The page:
The Fram - The Polar Ship
I think finding the South Pole is a point of pride for Norway.

Amundsen had been competing with a British group to reach the South Pole first, and his success resulted in continued confidence in the historical, Norwegian tradition of maritime expertise.  Recently, the Fram Museum added a simulation room to help visitors understand what life may have been like on the icy waters. My favorite part of the simulation was where you turn and find yourself in front of a polar bear poised to attack.
Leaving the Fram Museum, I rode a ferry back to the other side of Oslo, and found myself right outside the Nobel Peace Center by the harbor.  I smiled when I saw that their cafe was called "The Alfred Café".  From there, I passed the National Theater, and found myself on the corner by the Hard Rock Cafe.

Normally when I travel, I like to try the local food.  On this particular day, I was exhausted and pretty hungry from being awake for so many hours, and wanted an American sized hamburger.  European hamburgers, as far as I've seen, are sort of tiny.  Anyways, that night I dined at the Hard Rock Cafe, and it was delicious, as I knew it would be.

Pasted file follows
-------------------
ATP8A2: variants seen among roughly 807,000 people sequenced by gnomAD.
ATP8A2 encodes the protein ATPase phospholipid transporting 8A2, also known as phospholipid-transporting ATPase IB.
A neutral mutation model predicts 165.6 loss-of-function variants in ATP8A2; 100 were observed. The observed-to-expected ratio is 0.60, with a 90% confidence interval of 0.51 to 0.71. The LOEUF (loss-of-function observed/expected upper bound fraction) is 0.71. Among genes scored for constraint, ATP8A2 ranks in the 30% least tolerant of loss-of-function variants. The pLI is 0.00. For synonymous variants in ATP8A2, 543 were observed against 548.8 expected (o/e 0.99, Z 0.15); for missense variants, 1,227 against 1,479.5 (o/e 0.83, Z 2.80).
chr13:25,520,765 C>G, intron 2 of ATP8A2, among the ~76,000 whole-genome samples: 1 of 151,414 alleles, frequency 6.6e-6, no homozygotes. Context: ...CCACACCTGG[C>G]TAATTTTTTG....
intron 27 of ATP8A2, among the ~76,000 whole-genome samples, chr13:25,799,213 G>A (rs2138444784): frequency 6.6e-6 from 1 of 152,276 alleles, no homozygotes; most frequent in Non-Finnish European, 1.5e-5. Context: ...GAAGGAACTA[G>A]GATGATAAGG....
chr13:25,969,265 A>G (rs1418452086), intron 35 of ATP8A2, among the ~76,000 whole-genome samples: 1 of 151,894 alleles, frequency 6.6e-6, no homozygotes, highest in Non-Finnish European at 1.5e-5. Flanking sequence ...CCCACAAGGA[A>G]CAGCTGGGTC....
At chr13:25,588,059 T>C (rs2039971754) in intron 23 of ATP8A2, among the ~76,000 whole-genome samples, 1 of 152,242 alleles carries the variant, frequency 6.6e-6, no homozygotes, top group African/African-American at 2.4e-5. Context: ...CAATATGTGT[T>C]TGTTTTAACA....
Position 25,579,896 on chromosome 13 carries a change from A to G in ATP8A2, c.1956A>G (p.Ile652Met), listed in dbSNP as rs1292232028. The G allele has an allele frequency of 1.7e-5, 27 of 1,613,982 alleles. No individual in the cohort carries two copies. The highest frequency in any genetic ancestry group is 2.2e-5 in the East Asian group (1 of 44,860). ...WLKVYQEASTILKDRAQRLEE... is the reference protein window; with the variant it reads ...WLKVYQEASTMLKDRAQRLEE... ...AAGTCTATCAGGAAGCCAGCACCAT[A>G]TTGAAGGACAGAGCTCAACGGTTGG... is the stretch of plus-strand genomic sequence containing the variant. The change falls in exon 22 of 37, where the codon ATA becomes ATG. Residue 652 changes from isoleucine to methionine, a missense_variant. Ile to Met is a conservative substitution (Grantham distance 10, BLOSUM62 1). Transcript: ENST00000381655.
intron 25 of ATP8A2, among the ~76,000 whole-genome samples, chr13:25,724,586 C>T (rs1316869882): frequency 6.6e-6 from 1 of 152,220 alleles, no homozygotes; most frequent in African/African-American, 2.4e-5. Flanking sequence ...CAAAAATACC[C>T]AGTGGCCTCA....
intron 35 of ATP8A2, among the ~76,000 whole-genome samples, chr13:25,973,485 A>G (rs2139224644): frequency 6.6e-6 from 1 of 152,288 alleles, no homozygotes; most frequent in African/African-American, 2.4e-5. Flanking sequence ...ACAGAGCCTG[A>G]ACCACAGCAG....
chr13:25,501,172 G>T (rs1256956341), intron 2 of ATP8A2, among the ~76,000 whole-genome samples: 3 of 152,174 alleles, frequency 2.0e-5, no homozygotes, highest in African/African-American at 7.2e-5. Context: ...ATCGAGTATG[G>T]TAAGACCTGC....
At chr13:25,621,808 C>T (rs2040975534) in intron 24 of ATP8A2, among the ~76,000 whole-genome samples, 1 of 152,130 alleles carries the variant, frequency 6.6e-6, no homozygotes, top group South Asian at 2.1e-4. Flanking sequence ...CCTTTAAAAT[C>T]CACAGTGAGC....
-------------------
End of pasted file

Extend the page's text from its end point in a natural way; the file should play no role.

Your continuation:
The next morning, I magically felt well rested, and boarded another nearly empty flight to London for my Brighton day trip.  Bye, Oslo!

I enjoyed these three days in Norway so much that I started thinking a bit about planning a longer trip someday to the other Scandinavian countries.  You know, a nice trip through Sweden, Finland, and Denmark.  Really though, in the future I would love to come back to Norway and see more of the fjords if I can.